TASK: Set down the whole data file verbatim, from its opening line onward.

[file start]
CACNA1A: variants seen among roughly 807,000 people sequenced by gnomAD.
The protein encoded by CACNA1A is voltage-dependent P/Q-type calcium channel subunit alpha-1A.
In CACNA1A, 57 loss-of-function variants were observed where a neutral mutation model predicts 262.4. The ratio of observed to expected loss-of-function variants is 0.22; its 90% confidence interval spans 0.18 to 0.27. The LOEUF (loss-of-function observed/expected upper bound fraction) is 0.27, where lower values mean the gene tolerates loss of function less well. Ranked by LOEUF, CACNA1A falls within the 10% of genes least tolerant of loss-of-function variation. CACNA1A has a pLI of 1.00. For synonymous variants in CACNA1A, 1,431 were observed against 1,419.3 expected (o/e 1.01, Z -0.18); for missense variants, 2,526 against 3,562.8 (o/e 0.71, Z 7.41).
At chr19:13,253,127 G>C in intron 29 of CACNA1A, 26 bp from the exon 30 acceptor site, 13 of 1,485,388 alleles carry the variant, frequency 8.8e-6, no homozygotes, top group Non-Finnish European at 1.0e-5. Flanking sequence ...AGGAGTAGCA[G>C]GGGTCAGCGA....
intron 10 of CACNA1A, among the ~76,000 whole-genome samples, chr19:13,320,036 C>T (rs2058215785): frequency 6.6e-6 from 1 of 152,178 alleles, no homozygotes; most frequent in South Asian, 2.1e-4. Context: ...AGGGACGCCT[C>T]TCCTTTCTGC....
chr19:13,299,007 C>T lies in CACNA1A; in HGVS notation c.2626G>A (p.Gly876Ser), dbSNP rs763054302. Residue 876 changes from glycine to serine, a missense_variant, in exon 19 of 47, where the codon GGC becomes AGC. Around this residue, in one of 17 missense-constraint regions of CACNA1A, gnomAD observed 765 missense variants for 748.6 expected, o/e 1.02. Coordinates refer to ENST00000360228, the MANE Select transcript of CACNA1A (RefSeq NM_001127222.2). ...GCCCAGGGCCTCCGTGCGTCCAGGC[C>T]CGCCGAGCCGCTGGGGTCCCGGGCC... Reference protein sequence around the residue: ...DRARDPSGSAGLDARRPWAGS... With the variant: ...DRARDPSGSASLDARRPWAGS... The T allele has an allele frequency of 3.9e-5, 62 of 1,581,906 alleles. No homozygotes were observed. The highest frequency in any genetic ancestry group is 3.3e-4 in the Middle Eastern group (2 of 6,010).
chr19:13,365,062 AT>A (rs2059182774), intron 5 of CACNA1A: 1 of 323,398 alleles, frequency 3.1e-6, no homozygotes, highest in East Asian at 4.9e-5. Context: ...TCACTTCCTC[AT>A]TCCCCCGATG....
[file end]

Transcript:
CACNA1A: variants seen among roughly 807,000 people sequenced by gnomAD.
The protein encoded by CACNA1A is voltage-dependent P/Q-type calcium channel subunit alpha-1A.
In CACNA1A, 57 loss-of-function variants were observed where a neutral mutation model predicts 262.4. The ratio of observed to expected loss-of-function variants is 0.22; its 90% confidence interval spans 0.18 to 0.27. The LOEUF (loss-of-function observed/expected upper bound fraction) is 0.27, where lower values mean the gene tolerates loss of function less well. Ranked by LOEUF, CACNA1A falls within the 10% of genes least tolerant of loss-of-function variation. CACNA1A has a pLI of 1.00. For synonymous variants in CACNA1A, 1,431 were observed against 1,419.3 expected (o/e 1.01, Z -0.18); for missense variants, 2,526 against 3,562.8 (o/e 0.71, Z 7.41).
At chr19:13,253,127 G>C in intron 29 of CACNA1A, 26 bp from the exon 30 acceptor site, 13 of 1,485,388 alleles carry the variant, frequency 8.8e-6, no homozygotes, top group Non-Finnish European at 1.0e-5. Flanking sequence ...AGGAGTAGCA[G>C]GGGTCAGCGA....
intron 10 of CACNA1A, among the ~76,000 whole-genome samples, chr19:13,320,036 C>T (rs2058215785): frequency 6.6e-6 from 1 of 152,178 alleles, no homozygotes; most frequent in South Asian, 2.1e-4. Context: ...AGGGACGCCT[C>T]TCCTTTCTGC....
chr19:13,299,007 C>T lies in CACNA1A; in HGVS notation c.2626G>A (p.Gly876Ser), dbSNP rs763054302. Residue 876 changes from glycine to serine, a missense_variant, in exon 19 of 47, where the codon GGC becomes AGC. Around this residue, in one of 17 missense-constraint regions of CACNA1A, gnomAD observed 765 missense variants for 748.6 expected, o/e 1.02. Coordinates refer to ENST00000360228, the MANE Select transcript of CACNA1A (RefSeq NM_001127222.2). ...GCCCAGGGCCTCCGTGCGTCCAGGC[C>T]CGCCGAGCCGCTGGGGTCCCGGGCC... Reference protein sequence around the residue: ...DRARDPSGSAGLDARRPWAGS... With the variant: ...DRARDPSGSASLDARRPWAGS... The T allele has an allele frequency of 3.9e-5, 62 of 1,581,906 alleles. No homozygotes were observed. The highest frequency in any genetic ancestry group is 3.3e-4 in the Middle Eastern group (2 of 6,010).
chr19:13,365,062 AT>A (rs2059182774), intron 5 of CACNA1A: 1 of 323,398 alleles, frequency 3.1e-6, no homozygotes, highest in East Asian at 4.9e-5. Context: ...TCACTTCCTC[AT>A]TCCCCCGATG....